Directly elected mayors for Dublin, Cork at least six years away

Plebiscite asking whether voters want executive mayor likely to take place in June 2019

If electorates in Dublin and cork approve the change, the first directly elected mayors will not take up their new positions until 2024. File photograph: Getty Images

Dublin and Cork will not have their first directly elected mayors for at least six years, the Minister for Housing and Local Government has confirmed.

The Minister, Eoghan Murphy, told the Dáil the plebiscite asking voters in the two cities whether they want an executive mayor is now likely to take place in June 2019, to coincide with the local elections that year.

This will essentially mean that if the electorates in both regions approve the change, the first directly elected mayors will not take up their new positions until 2024, five years later, at the earliest. That will coincide with the next round of local elections with which it is assumed the mayoral elections will coincide.

The change was presented as a huge setback by Green Party leader Eamon Ryan, who said the concept of a mayor for all of Dublin, and one for Cork, was being put “on the never-never” and was being long-fingered indefinitely.


‘Just galling’

“This is a huge let-down. This is a critical time for our capital city, with huge crises in housing and transport. To think the mayoral election is being pushed back another five years is just galling,” he said.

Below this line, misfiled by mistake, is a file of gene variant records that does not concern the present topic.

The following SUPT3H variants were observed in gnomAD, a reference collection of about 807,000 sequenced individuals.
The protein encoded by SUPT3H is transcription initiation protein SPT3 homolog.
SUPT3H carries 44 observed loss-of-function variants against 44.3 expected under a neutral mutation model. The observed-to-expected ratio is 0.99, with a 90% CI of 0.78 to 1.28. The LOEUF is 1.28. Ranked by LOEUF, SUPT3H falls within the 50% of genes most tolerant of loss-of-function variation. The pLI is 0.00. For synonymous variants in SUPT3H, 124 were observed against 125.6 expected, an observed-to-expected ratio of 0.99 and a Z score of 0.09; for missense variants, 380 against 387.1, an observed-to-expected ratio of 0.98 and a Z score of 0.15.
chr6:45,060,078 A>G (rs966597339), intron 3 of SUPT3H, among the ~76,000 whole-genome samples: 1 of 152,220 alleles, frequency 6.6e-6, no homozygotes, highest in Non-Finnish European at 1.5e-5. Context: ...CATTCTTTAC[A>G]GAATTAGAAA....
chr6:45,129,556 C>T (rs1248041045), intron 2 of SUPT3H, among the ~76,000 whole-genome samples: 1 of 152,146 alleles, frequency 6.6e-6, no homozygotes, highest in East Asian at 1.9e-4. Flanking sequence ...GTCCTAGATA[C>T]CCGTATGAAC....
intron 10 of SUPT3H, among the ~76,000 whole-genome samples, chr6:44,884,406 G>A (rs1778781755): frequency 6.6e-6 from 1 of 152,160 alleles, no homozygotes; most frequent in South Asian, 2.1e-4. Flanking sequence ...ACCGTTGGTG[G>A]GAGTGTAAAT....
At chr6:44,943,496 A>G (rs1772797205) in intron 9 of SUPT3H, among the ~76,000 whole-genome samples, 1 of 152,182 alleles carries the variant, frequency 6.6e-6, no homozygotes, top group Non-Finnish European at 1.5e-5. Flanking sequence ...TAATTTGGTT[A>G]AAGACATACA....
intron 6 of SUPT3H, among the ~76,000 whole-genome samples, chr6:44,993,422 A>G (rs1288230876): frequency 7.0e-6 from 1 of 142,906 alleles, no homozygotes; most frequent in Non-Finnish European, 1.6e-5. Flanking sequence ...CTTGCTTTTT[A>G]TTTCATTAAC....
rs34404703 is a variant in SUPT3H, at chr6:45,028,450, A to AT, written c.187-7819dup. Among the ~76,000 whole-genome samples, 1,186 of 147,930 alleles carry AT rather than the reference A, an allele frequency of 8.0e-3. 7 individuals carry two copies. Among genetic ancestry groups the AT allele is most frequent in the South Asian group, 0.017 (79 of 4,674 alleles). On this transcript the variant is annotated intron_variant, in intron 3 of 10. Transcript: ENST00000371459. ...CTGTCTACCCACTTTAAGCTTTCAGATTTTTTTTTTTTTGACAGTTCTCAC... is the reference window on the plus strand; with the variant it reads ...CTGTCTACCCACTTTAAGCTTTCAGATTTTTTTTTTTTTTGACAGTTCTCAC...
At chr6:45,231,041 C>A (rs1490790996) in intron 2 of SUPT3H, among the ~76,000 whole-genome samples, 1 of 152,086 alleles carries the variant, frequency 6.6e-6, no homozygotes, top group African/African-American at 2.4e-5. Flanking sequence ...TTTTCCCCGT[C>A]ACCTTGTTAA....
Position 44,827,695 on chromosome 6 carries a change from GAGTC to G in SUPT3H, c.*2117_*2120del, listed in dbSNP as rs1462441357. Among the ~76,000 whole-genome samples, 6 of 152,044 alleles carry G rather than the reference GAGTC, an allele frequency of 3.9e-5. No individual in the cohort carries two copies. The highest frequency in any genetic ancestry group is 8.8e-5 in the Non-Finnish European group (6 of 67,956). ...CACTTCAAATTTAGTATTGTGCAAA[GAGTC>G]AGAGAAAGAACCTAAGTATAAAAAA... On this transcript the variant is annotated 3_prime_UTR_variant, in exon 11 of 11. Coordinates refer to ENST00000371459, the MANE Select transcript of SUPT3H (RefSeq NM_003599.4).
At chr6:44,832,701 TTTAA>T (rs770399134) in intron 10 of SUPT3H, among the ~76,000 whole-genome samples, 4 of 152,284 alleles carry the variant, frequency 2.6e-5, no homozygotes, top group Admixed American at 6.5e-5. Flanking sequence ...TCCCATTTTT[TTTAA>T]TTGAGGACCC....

The Green Party leader, Fianna Fáil’s Dublin spokesman John Lahart and Labour Senator Kevin Humphreys have all campaigned for an election. The idea has attracted cross-party support and has been a target on programmes for government since 2011.

The confirmation yesterday reflects a change in Government policy on this matter. In the autumn, the Cabinet was briefed on a timetable of possible polls and referendums that might be held during 2018. The plebiscite for directly elected mayors was provisionally pencilled in for October this year. That would allow the possibility of mayoral elections in June 2019.

A plebiscite, unlike a referendum, does not compel a government to follow its result, although in practice it is used as an indicator as to whether or not the public approved of a measure. The last such plebiscite was held in the Dingle area over the change in the town’s official title to its Irish form, An Daingean.

Competitive disadvantage

A report commissioned by the Minister of State in the Department, John Paul Phelan, is believed to have concluded the current situation had left both cities at a competitive disadvantage to similarly sized cities in Britain and Europe, in terms of strategic planning, transport, tourism and attracting foreign business.

Dublin County has four separate mayors, each being year-long honorary positions. Similarly, the role of Cork’s mayor is also largely ceremonial and lasts for a year.

The plan for both cities will be based around an enlarged metropolitan area for which the mayor has responsibility. In Dublin it will include all four local authorities, as well as the parts of Counties Kildare, Meath and Wicklow in the commuter belt.

One of the recommendations is that each mayor will have his or her own cabinet, with its members elected on a list system.

Harry McGee

Harry McGee

Harry McGee is a Political Correspondent with The Irish Times